We didn’t get any issues noteworthy with the VPN’s features and utilities. The app worked seamlessly as expected throughout every stage of our test including at startup, login, connecting, and server switching. It takes less than 5 seconds to connect to any server across the world – the vice versa is the same.
Hotspot Shield Browser Extension
The Hotspot Shield VPN browser extension looks precisely like that of the desktop and mobile versions. However, it has additional features that are specially customized for browsing but still lacks a kill switch as well as IP leak protection.
The VPN’s browser extension harbors some blocking features that are in their ‘Beta’ stages – but they exhibit great performance. Some of these features include (sword, tracker blocker, Adblocker, cookie blocker, and malware blocker) as well.
The server list can be found directly below these promising features, and you can access them by scrolling down. However, we discovered that not all server locations are listed – only a selected few are regarded as crucial.
Mobile Client app
In this mobile client app review, we tested using an iPhone device. The app is readily available on the App Store or Android’s Google Play Store.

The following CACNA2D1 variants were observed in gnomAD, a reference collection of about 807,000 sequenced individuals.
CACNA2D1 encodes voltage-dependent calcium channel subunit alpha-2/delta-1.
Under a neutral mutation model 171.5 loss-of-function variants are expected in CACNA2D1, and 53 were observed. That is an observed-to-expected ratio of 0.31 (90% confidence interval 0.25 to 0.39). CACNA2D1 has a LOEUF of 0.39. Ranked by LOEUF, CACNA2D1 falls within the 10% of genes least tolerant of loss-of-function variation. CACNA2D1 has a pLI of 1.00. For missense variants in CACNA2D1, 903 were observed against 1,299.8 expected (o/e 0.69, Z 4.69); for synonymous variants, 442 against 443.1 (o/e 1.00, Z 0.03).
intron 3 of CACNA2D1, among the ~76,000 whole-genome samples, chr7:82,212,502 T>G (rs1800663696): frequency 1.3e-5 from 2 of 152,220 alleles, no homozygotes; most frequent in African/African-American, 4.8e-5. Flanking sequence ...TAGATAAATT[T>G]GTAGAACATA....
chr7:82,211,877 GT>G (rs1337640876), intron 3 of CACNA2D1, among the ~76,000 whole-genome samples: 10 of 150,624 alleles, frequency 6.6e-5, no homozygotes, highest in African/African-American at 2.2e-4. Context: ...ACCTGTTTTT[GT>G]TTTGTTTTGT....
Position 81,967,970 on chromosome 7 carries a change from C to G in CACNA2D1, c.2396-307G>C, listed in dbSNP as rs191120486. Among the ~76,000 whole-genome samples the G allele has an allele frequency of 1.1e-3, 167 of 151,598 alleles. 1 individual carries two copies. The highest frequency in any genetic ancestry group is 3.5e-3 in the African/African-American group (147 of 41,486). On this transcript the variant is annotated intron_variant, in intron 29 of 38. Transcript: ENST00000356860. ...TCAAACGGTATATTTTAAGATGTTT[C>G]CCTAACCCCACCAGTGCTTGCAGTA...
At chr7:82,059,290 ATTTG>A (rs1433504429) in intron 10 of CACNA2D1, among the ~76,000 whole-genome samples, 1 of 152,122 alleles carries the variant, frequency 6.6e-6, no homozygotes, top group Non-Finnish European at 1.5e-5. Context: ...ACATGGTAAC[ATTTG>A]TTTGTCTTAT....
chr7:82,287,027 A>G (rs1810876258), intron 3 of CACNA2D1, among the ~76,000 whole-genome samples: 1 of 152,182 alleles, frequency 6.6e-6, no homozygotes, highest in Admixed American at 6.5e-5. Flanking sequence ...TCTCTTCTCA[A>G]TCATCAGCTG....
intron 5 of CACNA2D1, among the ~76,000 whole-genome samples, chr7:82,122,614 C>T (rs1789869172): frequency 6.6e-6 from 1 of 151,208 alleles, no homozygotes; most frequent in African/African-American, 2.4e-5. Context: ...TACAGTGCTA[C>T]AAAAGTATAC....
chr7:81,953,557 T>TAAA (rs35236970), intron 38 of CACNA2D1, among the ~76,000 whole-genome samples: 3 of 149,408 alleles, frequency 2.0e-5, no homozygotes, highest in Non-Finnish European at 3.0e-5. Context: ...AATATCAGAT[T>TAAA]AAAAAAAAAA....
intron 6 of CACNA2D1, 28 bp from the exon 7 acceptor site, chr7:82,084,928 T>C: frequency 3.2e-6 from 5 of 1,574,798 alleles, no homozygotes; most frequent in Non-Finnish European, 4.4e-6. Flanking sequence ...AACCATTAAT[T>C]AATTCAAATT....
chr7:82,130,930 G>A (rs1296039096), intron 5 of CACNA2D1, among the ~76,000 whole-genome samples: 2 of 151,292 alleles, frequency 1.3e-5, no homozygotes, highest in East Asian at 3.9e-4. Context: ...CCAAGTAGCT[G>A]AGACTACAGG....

The mobile client also gives you a 7-day free trial if you haven’t purchased one already. The iOS app doesn’t include information about a money-back guarantee.
Nevertheless, when we interacted with the Android app, we discovered that they allow for a 30-day money-back guarantee and not the official 45 days. You also have the option to use the app for free, but you’ll have to endure the endless Ads that will display and can only connect to the US server.
The mobile app offers only one feature, which is “App Auto Protection.” The feature gives you permission to add apps on your phone that will benefit auto-protection. That means when the app added to the Auto Protection list is started; Hotspot Shield will automatically secure it by connecting to the best VPN server.
However, their Android version has some exciting features that we wish they could include on the iOS version. The Android app includes features like:
- Battery Life Extension – which closes all idle apps from time to time.
- Malware scanner – scans all apps for malware and removes them.
- Deep cleaning – removes junk files from your phone
- Data consumption – we noticed that the feature is still in its development stages
Hotspot Shield boasts an improved network of 3200+ servers distributed across 80+ countries globally.
We have to admit; it’s quite a server distribution. This is only accessible through their premium servers. In the free version, users only get 1 server, which is located in the United States.
Here’s how their servers are scattered across the globe: